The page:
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Professional Development Fellowships

13 Sep Posted by in Uncategorized | Comments

When most people think about graduate fellowships, they think of the traditional fellowship programs that support doctoral dissertation research and writing – or perhaps also of awards to support international scholarly experience such as Fulbright Grants, Boren Fellowships and Critical Languages Scholarships.

However, there is another category of graduate fellowship that deserves notice:  the professional development fellowship.  These fellowships provide professional development experiences in specific fields, issues, or types of work.  They often seek applicants who are in their final year of graduate study, or who have recently graduated, and can offer on-ramps to a career or a line of work.  Some even require that the applicant possess early-career professional experience in addition to graduate-level education – a profile that matches that of many Mason graduate students, who may have returned to school for a degree after working for a number of years, or who are working and pursuing graduate study at the same time.

Perhaps the best-known example of a professional development fellowship is the Presidential Management Fellowship or PMF program.  The PMF is part of the U.S. Federal Government’s Pathways Program, which seeks to furnish talented students with opportunities to pursue careers in public service.  Applicants to the PMF must be in their final year of graduate study or have completed a graduate degree within the past two years.  If offered a PMF appointment, the Fellow will work for the Federal Government in a two-year excepted service position of their own choosing.  PMFs have access to special training programs and professional development workshops, as well as senior level mentoring.  At the conclusion of the two-year fellowship, the PMF may be “converted” to a permanent position.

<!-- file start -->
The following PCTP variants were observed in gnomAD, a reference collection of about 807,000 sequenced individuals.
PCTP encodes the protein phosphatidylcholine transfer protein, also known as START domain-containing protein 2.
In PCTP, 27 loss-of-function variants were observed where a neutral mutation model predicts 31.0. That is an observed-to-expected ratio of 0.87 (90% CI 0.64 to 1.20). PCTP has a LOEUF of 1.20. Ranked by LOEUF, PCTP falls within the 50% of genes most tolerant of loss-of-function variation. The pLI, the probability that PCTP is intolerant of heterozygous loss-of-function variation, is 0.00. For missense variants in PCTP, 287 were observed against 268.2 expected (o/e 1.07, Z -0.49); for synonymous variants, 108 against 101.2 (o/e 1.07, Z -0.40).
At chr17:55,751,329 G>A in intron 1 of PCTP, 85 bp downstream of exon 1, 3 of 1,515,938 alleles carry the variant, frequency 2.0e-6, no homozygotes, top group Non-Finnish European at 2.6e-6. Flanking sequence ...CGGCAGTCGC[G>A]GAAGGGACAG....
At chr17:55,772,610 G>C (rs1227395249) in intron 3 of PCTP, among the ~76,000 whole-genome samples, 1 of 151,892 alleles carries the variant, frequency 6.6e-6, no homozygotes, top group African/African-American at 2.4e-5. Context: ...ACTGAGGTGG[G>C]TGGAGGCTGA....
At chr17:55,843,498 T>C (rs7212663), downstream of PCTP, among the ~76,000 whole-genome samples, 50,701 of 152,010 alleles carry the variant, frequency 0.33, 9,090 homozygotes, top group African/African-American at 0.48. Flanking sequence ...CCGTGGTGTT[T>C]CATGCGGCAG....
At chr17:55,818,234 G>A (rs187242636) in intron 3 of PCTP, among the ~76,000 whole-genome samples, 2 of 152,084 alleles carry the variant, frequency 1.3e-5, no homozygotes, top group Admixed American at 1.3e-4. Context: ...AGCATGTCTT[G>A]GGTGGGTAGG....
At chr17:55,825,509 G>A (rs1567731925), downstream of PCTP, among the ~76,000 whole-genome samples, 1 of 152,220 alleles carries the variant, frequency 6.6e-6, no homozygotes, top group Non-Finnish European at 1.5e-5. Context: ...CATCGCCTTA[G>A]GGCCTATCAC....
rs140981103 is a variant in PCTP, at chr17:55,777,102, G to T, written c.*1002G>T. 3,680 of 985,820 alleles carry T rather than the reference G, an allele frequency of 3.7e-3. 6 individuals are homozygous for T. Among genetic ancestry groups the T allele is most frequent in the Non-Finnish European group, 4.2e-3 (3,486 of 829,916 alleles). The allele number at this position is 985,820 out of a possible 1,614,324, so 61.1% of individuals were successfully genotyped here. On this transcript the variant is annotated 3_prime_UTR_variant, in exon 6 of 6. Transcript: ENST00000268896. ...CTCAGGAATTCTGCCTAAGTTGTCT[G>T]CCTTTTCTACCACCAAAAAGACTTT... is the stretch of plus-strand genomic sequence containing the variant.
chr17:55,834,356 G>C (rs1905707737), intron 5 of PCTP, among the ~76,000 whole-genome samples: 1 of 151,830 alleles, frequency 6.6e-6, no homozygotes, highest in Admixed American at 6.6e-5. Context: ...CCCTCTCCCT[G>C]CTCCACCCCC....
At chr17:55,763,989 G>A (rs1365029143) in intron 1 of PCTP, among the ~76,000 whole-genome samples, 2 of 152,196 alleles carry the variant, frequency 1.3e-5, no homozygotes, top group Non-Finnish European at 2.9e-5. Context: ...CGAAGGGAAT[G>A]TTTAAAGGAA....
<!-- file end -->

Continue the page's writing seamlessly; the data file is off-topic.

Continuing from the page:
The PMF competition opens each year in September, and PMF Finalists are announced during the spring semester.  Applicants who win the Finalist designation have one year to secure a PMF appointment.

A general information session and workshop for prospective PMF applicants at Mason will be held on Tuesday, September 25, 2012, in the Founders Hall Auditorium at the Arlington Campus.  Students considering the PMF competition are advised to attend Career Services workshops on careers in the federal government, and to familiarize themselves with the USA Jobs web site.

The PMF is not the only fellowship of this type, however.  In fact, there are a great variety of professional development fellowships.  Some are, like the PMF, U.S. government programs used as recruitment tools for specific agencies.  Others are sponsored by private foundations, non-governmental organizations, or think tanks.  Opportunities exist for both U.S. and international experience.

Here are a few examples:

Bosch Foundation Fellowship Program (Germany)
The Bosch Foundation Fellowship Program is a transatlantic initiative that each year offers twenty accomplished young Americans the opportunity to complete a high-level professional development program in Germany.  Applicants to this program should hold a graduate degree by the time the fellowship begins, and possess at least two years of relevant work experience in business administration, journalism, law, public policy, international relations, or related field.  Over the course of a nine-month program, Bosch Fellows complete two work phases at leading German institutions and attend three seminars in locations across Europe with key decision-makers from the public and private sectors. No German language skills are required at the time of application.  Non-German speaking awardees commit to an intensive pre-departure program of language acquisition.